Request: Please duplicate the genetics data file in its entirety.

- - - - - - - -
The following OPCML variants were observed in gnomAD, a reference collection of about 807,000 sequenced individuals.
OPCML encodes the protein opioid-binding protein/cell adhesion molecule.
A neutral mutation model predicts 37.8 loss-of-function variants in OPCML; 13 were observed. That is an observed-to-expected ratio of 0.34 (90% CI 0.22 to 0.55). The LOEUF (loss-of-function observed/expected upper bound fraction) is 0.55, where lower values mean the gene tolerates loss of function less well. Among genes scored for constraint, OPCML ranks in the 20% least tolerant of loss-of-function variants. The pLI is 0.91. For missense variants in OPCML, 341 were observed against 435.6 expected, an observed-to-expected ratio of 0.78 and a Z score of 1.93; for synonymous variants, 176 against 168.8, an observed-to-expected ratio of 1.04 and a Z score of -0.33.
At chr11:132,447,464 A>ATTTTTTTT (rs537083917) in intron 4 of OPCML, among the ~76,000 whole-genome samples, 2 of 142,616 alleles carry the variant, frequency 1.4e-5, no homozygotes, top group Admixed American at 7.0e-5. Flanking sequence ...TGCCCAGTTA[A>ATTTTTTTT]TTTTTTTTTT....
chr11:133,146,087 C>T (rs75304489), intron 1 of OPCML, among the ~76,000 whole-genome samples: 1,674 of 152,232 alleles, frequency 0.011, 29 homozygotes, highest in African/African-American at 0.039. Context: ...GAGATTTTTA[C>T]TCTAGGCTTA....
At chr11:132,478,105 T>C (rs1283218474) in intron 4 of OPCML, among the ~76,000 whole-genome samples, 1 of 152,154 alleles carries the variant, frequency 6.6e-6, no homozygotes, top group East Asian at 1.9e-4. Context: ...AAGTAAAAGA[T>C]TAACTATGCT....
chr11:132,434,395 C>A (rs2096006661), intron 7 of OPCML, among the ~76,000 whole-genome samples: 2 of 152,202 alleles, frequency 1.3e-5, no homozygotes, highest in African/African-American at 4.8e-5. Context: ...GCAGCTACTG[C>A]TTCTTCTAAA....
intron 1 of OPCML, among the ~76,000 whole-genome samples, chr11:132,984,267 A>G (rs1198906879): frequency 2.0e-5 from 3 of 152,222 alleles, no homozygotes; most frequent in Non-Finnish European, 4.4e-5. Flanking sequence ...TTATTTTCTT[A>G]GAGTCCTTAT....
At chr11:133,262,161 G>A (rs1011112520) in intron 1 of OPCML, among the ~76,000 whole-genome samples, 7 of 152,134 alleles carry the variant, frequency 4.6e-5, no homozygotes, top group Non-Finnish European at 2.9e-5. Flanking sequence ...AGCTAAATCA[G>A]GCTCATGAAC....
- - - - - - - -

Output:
The following OPCML variants were observed in gnomAD, a reference collection of about 807,000 sequenced individuals.
OPCML encodes the protein opioid-binding protein/cell adhesion molecule.
A neutral mutation model predicts 37.8 loss-of-function variants in OPCML; 13 were observed. That is an observed-to-expected ratio of 0.34 (90% CI 0.22 to 0.55). The LOEUF (loss-of-function observed/expected upper bound fraction) is 0.55, where lower values mean the gene tolerates loss of function less well. Among genes scored for constraint, OPCML ranks in the 20% least tolerant of loss-of-function variants. The pLI is 0.91. For missense variants in OPCML, 341 were observed against 435.6 expected, an observed-to-expected ratio of 0.78 and a Z score of 1.93; for synonymous variants, 176 against 168.8, an observed-to-expected ratio of 1.04 and a Z score of -0.33.
At chr11:132,447,464 A>ATTTTTTTT (rs537083917) in intron 4 of OPCML, among the ~76,000 whole-genome samples, 2 of 142,616 alleles carry the variant, frequency 1.4e-5, no homozygotes, top group Admixed American at 7.0e-5. Flanking sequence ...TGCCCAGTTA[A>ATTTTTTTT]TTTTTTTTTT....
chr11:133,146,087 C>T (rs75304489), intron 1 of OPCML, among the ~76,000 whole-genome samples: 1,674 of 152,232 alleles, frequency 0.011, 29 homozygotes, highest in African/African-American at 0.039. Context: ...GAGATTTTTA[C>T]TCTAGGCTTA....
At chr11:132,478,105 T>C (rs1283218474) in intron 4 of OPCML, among the ~76,000 whole-genome samples, 1 of 152,154 alleles carries the variant, frequency 6.6e-6, no homozygotes, top group East Asian at 1.9e-4. Context: ...AAGTAAAAGA[T>C]TAACTATGCT....
chr11:132,434,395 C>A (rs2096006661), intron 7 of OPCML, among the ~76,000 whole-genome samples: 2 of 152,202 alleles, frequency 1.3e-5, no homozygotes, highest in African/African-American at 4.8e-5. Context: ...GCAGCTACTG[C>A]TTCTTCTAAA....
intron 1 of OPCML, among the ~76,000 whole-genome samples, chr11:132,984,267 A>G (rs1198906879): frequency 2.0e-5 from 3 of 152,222 alleles, no homozygotes; most frequent in Non-Finnish European, 4.4e-5. Flanking sequence ...TTATTTTCTT[A>G]GAGTCCTTAT....
At chr11:133,262,161 G>A (rs1011112520) in intron 1 of OPCML, among the ~76,000 whole-genome samples, 7 of 152,134 alleles carry the variant, frequency 4.6e-5, no homozygotes, top group Non-Finnish European at 2.9e-5. Flanking sequence ...AGCTAAATCA[G>A]GCTCATGAAC....